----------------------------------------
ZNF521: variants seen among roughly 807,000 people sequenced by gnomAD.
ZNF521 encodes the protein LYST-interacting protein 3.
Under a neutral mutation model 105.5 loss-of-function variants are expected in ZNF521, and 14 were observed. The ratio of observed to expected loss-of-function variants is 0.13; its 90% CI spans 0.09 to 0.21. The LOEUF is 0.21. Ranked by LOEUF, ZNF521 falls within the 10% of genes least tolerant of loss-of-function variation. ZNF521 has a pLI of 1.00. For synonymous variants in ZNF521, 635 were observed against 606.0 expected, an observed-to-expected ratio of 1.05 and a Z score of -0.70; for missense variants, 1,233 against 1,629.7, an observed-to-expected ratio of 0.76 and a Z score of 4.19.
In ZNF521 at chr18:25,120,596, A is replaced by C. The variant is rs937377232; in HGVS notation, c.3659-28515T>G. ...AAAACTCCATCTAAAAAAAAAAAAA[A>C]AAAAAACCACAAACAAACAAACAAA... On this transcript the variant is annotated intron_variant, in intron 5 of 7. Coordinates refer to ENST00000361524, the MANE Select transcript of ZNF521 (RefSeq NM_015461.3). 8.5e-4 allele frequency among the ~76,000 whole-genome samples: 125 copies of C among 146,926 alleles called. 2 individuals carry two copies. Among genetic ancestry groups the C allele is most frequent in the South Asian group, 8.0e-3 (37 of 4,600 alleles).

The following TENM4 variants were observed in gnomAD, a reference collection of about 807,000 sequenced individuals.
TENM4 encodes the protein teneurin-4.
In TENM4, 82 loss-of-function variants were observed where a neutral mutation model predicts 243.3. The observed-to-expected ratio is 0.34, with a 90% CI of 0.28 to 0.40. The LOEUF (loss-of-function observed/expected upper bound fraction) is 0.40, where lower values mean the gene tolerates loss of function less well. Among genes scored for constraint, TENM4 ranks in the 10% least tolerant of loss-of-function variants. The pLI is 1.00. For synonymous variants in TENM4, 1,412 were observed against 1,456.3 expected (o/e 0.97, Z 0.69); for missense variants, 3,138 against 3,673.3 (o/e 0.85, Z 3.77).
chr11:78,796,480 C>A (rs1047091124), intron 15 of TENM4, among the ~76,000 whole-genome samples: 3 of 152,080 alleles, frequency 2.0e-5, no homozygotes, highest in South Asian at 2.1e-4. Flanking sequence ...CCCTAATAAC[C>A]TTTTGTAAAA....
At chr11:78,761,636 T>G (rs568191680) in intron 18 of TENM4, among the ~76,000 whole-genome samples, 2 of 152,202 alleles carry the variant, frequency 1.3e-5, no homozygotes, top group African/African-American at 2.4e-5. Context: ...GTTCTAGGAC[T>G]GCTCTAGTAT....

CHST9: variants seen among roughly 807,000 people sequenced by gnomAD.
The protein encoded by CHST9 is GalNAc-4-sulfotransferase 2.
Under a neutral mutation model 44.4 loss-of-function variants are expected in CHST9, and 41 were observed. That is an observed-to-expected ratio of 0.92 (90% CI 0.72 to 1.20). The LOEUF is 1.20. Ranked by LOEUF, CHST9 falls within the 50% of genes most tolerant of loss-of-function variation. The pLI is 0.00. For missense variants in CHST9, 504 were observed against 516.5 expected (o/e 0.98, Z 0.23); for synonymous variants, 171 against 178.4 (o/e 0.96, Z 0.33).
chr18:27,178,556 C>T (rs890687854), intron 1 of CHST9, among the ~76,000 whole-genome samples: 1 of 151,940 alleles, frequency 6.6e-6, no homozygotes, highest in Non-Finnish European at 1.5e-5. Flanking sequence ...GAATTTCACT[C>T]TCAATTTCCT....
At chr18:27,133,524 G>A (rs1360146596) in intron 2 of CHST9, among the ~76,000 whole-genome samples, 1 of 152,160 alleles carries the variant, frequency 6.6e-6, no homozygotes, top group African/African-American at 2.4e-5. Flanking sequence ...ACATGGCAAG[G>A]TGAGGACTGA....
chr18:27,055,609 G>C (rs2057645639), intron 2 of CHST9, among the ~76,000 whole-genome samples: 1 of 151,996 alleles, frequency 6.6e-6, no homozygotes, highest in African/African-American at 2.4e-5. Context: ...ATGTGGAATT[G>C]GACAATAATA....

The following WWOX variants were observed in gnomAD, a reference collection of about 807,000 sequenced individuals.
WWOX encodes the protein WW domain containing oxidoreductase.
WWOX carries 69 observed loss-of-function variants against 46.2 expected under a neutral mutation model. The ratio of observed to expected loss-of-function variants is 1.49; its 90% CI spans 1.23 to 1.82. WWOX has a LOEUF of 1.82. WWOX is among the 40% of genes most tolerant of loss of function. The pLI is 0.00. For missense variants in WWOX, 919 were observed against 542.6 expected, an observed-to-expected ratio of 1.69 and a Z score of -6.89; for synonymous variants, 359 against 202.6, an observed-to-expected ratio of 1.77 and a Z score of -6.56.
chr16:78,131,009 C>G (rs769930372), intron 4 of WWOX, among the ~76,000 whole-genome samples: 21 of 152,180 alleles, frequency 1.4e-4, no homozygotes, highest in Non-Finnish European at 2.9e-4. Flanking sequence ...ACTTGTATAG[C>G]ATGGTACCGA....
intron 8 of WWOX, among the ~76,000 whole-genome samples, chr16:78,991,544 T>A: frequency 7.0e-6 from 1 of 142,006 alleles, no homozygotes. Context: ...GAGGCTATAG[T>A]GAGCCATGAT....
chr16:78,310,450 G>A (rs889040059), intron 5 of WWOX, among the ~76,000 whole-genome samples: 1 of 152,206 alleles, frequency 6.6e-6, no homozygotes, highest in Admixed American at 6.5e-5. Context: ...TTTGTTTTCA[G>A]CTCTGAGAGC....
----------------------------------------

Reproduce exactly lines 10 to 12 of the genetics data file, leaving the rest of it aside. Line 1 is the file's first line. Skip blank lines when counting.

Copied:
CHST9: variants seen among roughly 807,000 people sequenced by gnomAD.
The protein encoded by CHST9 is GalNAc-4-sulfotransferase 2.
Under a neutral mutation model 44.4 loss-of-function variants are expected in CHST9, and 41 were observed. That is an observed-to-expected ratio of 0.92 (90% CI 0.72 to 1.20). The LOEUF is 1.20. Ranked by LOEUF, CHST9 falls within the 50% of genes most tolerant of loss-of-function variation. The pLI is 0.00. For missense variants in CHST9, 504 were observed against 516.5 expected (o/e 0.98, Z 0.23); for synonymous variants, 171 against 178.4 (o/e 0.96, Z 0.33).